(Updates with lawyer comment in sixth paragraph.)
Nov. 23 (Bloomberg) -- Former German Defense Minister Karl- Theodor zu Guttenberg settled a criminal probe into allegations he plagiarized passages of his doctoral thesis, agreeing to pay 20,000 euros ($26,800) to a charity.
Prosecutors in Hof, Germany, investigated the case and found 23 “criminally relevant” passages in the thesis, the investigators said in an e-mailed statement today. They received 199 complaints asking them to look into the allegations.
“In elaborate research, prosecutors and police investigated the complete doctoral thesis,” prosecutors said. “Not all passages that were copied reached the level of works protected under copyright laws.”
Guttenberg resigned in March over the issue, depriving Chancellor Angela Merkel of her most popular cabinet member in an election year. The University of Bayreuth had awarded the doctorate in law, with the highest grade “summa cum laude.” The school revoked it on Feb. 24, as Guttenberg said passages that appeared to be copied from other texts weren’t the result of conscious deception.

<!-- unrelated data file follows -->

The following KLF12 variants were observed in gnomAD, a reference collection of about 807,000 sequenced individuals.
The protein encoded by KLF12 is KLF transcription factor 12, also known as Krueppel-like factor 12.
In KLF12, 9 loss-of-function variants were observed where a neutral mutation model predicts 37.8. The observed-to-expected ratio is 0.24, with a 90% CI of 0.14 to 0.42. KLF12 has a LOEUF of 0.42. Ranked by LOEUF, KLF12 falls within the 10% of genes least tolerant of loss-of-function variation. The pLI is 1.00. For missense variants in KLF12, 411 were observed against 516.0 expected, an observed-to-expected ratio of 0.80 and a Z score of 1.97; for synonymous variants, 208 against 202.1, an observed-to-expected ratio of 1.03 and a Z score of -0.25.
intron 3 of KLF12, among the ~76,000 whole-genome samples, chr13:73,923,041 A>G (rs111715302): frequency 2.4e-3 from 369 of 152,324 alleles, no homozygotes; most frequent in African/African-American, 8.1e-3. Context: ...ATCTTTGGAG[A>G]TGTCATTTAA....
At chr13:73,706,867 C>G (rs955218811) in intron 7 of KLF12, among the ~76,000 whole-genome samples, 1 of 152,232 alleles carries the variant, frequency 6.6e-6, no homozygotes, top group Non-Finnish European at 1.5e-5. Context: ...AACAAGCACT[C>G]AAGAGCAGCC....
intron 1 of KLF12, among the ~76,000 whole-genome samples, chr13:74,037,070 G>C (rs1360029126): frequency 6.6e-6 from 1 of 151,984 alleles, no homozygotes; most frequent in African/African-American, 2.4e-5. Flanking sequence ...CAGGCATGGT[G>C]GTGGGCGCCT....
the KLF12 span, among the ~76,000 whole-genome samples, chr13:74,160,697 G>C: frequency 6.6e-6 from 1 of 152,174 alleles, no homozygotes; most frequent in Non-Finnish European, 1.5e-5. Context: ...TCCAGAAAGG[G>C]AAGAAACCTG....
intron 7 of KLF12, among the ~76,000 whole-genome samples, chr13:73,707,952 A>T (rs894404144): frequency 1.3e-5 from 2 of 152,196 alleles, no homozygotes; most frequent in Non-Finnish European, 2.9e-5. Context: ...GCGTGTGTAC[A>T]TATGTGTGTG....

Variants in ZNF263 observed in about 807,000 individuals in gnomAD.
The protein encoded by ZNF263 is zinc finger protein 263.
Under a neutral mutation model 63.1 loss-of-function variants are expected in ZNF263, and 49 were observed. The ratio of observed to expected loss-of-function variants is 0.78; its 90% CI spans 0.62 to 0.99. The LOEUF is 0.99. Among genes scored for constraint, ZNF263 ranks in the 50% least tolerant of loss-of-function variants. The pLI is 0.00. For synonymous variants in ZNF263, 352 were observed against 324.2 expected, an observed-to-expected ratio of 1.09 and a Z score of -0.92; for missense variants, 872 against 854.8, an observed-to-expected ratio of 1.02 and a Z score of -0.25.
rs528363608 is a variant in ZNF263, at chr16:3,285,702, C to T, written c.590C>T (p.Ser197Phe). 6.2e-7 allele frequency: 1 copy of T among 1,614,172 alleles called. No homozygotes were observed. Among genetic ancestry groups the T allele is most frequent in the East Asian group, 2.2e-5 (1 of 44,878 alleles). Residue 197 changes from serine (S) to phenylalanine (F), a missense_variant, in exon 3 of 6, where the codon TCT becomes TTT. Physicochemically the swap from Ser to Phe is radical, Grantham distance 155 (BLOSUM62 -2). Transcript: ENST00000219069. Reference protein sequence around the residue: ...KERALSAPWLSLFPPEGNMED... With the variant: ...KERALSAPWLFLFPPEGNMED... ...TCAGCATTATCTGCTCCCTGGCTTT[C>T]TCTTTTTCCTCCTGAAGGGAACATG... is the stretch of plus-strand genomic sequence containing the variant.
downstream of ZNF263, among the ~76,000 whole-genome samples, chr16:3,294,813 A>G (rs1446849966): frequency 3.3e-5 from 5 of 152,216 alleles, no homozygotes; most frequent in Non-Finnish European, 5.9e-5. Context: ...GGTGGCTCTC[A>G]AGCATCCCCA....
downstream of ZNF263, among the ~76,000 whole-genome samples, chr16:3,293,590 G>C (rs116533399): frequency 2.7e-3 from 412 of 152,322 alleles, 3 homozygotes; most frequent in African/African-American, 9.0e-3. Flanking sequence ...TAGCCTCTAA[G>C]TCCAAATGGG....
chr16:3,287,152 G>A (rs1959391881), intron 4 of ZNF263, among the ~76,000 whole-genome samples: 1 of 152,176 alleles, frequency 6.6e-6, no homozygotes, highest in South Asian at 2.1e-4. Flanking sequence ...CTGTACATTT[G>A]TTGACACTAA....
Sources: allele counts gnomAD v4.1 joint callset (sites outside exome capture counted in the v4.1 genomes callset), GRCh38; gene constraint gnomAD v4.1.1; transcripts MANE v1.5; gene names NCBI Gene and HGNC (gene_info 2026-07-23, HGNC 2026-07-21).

Guttenberg in February admitted to “grave” mistakes in compiling his 2006 thesis.
“We’re very content with the outcome," his lawyer Klaus Leipold said today.
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